Baptist Churches and the Fellowship of Independent Evangelical Churches (FIEC) in the United Kingdom

An essay by Ian McDonald, the Research Officer in the Faculty of Technology, Engineering & the Environment at Birmingham City University in the UK. He is a member of the UK Baptist Historical Society, Strict Baptist Historical Society and Chapels Society. He is an active member of City Church, Birmingham. Follow him on Twitter @IanCMcD

 

INTRODUCTION

The Baptist Union of Great Britain (BUGB) remains the home of the majority of Baptist churches in England and Wales. The Union, formed in its present state in 1891 by the merger of General and Particular Baptist groupings, consists of approximately 2,150 churches, with a total membership of 140,000 individuals.1 It is a member of the European Baptist Fellowship and the Baptist World Alliance. Outside the Union, a number of Baptist churches remain totally independent of any wider fellowship, grouping or associations (for example the Metropolitan Tabernacle, famously pastored by C.H. Spurgeon), whilst others coalesce around the Grace Baptist Assembly – 63 churches attended the 2013 Assembly2, although many more are members of its three local associations. This Assembly first met in 1980 when it succeeded two bodies which had ceased to operate – the Strict Baptist Assembly and the Assembly of Baptised Churches holding the Doctrines of Grace. Additionally, 97 churches coalesce around the ‘Hyper-Calvinist’ Gospel Standard magazine and subscribe to its Articles of Faith.3

In addition to these distinctly Baptist organisations (although of very different theological stripes!), a significant number of self-identifying Baptist churches are affiliated to the non-denominational Fellowship of Independent Evangelical churches (FIEC), which was founded in 1922. One such example is the East London Tabernacle Baptist Church (see my piece in Baptist Studies Bulletin Vol.12 No.10 on Archibald Brown).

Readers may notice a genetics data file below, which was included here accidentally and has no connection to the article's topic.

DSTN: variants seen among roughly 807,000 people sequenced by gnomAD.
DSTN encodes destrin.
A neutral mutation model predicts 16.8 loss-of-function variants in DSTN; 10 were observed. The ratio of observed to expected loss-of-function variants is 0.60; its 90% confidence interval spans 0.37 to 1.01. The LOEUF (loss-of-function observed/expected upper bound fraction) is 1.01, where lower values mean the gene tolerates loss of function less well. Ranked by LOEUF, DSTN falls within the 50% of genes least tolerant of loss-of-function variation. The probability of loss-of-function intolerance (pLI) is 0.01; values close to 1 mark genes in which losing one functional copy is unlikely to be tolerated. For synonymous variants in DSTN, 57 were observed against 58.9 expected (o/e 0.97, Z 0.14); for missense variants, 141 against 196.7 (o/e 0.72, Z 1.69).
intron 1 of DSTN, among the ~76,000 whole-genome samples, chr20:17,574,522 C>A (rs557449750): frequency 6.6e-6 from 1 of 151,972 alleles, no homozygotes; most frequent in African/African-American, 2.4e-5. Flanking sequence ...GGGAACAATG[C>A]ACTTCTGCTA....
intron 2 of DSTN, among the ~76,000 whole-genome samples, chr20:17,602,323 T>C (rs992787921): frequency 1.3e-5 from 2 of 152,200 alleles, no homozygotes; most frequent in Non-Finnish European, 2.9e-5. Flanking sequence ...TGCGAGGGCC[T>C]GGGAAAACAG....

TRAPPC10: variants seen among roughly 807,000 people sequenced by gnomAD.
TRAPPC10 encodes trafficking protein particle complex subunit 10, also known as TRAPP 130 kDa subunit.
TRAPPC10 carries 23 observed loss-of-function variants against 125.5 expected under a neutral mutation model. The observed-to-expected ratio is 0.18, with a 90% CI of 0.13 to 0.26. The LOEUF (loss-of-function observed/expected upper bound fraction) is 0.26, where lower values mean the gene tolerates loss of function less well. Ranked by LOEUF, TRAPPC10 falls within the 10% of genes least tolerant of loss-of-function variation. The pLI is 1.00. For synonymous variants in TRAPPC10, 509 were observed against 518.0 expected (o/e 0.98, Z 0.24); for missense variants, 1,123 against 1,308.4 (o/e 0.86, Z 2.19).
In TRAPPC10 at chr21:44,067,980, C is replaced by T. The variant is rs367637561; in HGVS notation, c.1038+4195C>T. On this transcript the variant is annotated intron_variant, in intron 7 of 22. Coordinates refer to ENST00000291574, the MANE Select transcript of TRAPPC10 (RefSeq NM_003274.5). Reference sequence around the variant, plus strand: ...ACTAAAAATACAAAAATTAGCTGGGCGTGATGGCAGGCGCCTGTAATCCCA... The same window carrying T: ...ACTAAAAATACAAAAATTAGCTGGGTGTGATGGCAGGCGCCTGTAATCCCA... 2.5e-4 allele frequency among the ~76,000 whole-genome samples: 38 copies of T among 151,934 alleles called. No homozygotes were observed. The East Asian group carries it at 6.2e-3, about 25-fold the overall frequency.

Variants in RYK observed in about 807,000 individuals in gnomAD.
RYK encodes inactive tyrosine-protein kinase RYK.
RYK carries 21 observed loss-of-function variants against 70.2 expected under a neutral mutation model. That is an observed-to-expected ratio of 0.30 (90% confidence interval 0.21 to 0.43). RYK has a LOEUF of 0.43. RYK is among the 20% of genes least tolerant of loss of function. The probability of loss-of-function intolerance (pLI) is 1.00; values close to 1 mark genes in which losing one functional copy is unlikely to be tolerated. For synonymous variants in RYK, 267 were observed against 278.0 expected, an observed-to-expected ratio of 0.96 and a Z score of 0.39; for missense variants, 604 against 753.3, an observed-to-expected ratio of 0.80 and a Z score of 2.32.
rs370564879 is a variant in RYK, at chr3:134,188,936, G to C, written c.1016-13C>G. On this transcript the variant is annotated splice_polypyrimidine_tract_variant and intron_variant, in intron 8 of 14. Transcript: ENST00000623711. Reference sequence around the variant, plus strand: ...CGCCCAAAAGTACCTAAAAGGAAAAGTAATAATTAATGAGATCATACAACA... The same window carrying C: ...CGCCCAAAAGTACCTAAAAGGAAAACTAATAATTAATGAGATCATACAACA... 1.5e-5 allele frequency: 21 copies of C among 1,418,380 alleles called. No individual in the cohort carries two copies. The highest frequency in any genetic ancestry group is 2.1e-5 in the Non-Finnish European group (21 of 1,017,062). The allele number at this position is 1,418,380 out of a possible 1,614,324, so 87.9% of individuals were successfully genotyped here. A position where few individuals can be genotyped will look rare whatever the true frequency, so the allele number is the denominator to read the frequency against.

THE FIEC

The FIEC explains its purposes as follows:

“We have a particular concern to promote, encourage and support independency. We believe that independent ecclesiology is the most biblical, and therefore most effective, pattern for local churches. FIEC seeks to develop the best possible models of independent church life, robustly defends the biblical principles of independency ……..We aim to inspire, train and support gifted men and women for independent ministry.” 4

FIEC, whilst not being a denominational body, aims to provide independent churches with many of the benefits which those churches which are a member of a denomination do benefit from, for example, training and legal advice.

“There are many benefits in linking your church to FIEC – gaining a national voice, ministry support, shared resources and more.” 5

Ninety-five out of the FIEC’s five hundred and fourteen churches self-identity as Baptist churches (i.e. have the word ‘Baptist’ in their title) – this equates to 18.5% of the Fellowship’s affiliated churches.6

THE FIEC AND THE BAPTIST UNION OF GREAT BRITAIN

It is interesting to compare the theology and statements of belief of the FIEC and the Union. The Union is entirely non-confessional, its churches have to sign up to a simple Declaration of Principle:-

“That our Lord and Saviour Jesus Christ, God manifest in the flesh, is the sole and absolute authority in all matters pertaining to faith and practice, as revealed in the Holy Scriptures, and that each Church has liberty, under the guidance of the Holy Spirit, to interpret and administer His laws.

That Christian Baptism is the immersion in water into the Name of the Father, the Son, and the Holy Spirit, of those who have professed repentance towards God and faith in our Lord Jesus Christ who ‘died for our sins according to the Scriptures; was buried, and rose again the third day’.

That it is the duty of every disciple to bear personal witness to the Gospel of Jesus Christ, and to take part in the evangelisation of the world.”7

The FIEC has a more detailed statement, which would be rightly interpreted as a summary of conservative evangelicalism, and states in its introduction:

“The churches of FIEC are committed to these truths of historic, biblical Christianity. Below is our Doctrinal Basis.

We also have accepted statements on Gospel Unity, Women in Ministry and Same Sex Marriage, to which our member churches agree to abide. These are intended to bring clarity to our life and ministry as a Fellowship, not to be raised to the level of our Doctrinal Basis”.8

The accepted statements state their rejection of ecumenism and partnering with more ‘liberal’ churches, their rejection of women as pastors or elders, and their rejection of same-sex relationships. They differ from the Union on the first of these two points.

CASE STUDY OF E.J. POOLE-CONNOR, FOUNDER OF FIEC